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The youth employment crisis

Andrea Parola's picture
Submitted by Andrea Parola on Tue, 2012-05-22 08:38

Innovation, technology and market developments have turned the world of work into a rapidly changing environment and training must keep pace with this reality. Education and training systems face the challenge of equipping a growing young workforce with the skills required by the jobs of the future, not to mention re-equipping the current workforce with the skills, including soft skills, needed to keep up with a changing world.

extract from ILO Report: The youth employment crisis:
Time for action:

Group audience: 
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miguel.gonzalez-sancho-bodero's picture
Submitted by miguel.gonzalez... on Wed, 2012-05-23 06:57

Very true. An idea just crossed my mind: for many years everybody said 'users need to learn (adapt to) computers' until some one said 'wait a minute, why not computer (manufacturers) adapting to users rather than only the other way round?'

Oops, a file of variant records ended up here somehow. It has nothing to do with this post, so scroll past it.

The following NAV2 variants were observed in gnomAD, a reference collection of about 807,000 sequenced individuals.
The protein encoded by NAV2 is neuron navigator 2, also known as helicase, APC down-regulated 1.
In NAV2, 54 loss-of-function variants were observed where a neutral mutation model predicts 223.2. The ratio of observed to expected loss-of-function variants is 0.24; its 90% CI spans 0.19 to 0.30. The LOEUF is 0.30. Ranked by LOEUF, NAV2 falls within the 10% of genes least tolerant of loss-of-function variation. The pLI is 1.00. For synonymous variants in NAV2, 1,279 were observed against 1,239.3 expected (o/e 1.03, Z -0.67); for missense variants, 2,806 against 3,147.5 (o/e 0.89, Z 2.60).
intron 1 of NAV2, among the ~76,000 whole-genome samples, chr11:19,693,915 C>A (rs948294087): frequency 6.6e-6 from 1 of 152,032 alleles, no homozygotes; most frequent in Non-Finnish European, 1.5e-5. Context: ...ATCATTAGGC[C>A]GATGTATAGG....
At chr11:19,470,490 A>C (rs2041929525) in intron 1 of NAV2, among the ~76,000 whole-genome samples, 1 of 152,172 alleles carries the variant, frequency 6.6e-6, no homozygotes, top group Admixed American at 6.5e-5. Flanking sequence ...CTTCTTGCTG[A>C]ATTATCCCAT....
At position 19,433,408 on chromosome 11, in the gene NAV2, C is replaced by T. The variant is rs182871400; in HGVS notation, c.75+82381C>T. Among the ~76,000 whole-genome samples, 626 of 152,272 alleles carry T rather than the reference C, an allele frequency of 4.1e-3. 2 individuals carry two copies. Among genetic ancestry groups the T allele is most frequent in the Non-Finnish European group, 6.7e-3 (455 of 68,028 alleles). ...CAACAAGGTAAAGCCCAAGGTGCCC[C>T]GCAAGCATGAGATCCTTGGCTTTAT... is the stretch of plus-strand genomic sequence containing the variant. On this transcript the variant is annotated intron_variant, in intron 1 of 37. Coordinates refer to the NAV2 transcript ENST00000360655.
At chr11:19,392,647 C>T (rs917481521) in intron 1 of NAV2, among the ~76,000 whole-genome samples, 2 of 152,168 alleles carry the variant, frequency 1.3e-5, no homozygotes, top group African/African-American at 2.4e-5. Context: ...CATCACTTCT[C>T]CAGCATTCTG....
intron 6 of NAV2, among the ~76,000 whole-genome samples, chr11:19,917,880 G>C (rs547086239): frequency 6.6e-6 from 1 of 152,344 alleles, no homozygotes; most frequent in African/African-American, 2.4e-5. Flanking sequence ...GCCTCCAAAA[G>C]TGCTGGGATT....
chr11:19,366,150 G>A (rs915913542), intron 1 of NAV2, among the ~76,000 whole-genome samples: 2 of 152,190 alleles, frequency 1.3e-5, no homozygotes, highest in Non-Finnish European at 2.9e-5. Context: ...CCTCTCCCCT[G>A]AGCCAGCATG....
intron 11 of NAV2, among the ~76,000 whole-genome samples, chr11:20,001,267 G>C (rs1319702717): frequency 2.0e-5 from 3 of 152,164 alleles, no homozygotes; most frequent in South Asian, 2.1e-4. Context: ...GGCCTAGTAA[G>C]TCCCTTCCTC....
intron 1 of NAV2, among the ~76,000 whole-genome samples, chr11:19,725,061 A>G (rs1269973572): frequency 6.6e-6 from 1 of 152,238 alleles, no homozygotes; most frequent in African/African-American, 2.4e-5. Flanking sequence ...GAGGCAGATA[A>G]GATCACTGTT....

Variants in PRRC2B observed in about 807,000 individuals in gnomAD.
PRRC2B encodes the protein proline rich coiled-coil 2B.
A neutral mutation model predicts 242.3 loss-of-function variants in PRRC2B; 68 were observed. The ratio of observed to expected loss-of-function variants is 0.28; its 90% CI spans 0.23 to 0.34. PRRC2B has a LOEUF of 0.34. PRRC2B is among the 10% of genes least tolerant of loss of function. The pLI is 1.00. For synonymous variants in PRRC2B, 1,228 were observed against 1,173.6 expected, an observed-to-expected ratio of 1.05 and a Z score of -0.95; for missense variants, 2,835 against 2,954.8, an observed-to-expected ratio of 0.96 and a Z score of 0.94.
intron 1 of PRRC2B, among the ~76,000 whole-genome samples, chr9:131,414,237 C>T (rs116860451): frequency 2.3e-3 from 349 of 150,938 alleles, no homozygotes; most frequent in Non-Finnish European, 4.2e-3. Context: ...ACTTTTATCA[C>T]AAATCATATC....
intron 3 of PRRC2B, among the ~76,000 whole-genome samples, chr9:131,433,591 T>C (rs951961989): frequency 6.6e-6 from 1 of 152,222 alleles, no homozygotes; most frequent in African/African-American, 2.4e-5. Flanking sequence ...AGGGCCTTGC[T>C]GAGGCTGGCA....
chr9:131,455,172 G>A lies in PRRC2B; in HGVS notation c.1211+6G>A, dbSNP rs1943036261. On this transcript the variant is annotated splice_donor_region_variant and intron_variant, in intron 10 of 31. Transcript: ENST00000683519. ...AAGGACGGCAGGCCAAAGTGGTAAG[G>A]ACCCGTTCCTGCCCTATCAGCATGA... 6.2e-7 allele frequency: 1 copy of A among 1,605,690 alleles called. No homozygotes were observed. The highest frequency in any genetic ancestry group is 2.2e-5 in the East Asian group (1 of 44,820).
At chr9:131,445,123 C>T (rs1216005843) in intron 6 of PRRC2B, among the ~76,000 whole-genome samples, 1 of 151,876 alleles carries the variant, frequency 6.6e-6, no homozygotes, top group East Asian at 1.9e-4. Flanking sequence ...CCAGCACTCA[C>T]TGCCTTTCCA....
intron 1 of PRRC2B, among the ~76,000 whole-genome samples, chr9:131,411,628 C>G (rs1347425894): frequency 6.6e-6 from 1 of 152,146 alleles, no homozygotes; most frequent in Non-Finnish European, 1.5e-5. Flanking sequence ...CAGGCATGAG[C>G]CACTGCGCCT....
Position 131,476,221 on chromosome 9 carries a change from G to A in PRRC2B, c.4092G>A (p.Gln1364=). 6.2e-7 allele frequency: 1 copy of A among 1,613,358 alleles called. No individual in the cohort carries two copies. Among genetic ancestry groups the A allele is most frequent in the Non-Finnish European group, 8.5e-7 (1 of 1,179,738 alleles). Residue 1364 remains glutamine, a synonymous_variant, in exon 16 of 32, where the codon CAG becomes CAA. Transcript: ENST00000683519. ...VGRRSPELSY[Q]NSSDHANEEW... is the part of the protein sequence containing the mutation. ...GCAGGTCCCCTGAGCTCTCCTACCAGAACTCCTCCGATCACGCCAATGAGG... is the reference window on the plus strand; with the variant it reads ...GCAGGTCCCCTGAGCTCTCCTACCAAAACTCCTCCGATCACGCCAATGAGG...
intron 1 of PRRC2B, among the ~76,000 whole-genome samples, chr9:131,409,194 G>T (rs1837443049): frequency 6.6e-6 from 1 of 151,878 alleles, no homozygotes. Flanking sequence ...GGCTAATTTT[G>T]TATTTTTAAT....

I draw the analogy with the education system and the production system, making the link to the comment I posted in the discussion on digital manufacturing. Shouldn't the production system (let's call like this, i.e. existing companies, employers) try to be more jobs-friendly, then supporting (re)skilling rather than just expecting the education system (public or private) to deliver the perfect employees, i.e. rather than putting leaving the State and the individual themselves the responsibility to scape from unemployment/ proverty? Is there a space for corporate social responsibility in the debate about jobs and skills? Does anybody feel the value in exploring deeper in that direction?

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nabeth.thierry's picture
Submitted by nabeth.thierry on Wed, 2012-05-23 15:27

This is indeed an interesting direction.

Incorporating CSR can re-balance the balance of power that exists between the corporate world and the individual. Recent example of what happened with Apple and Foxconn shows that this can be very effective.

***CSR Tools***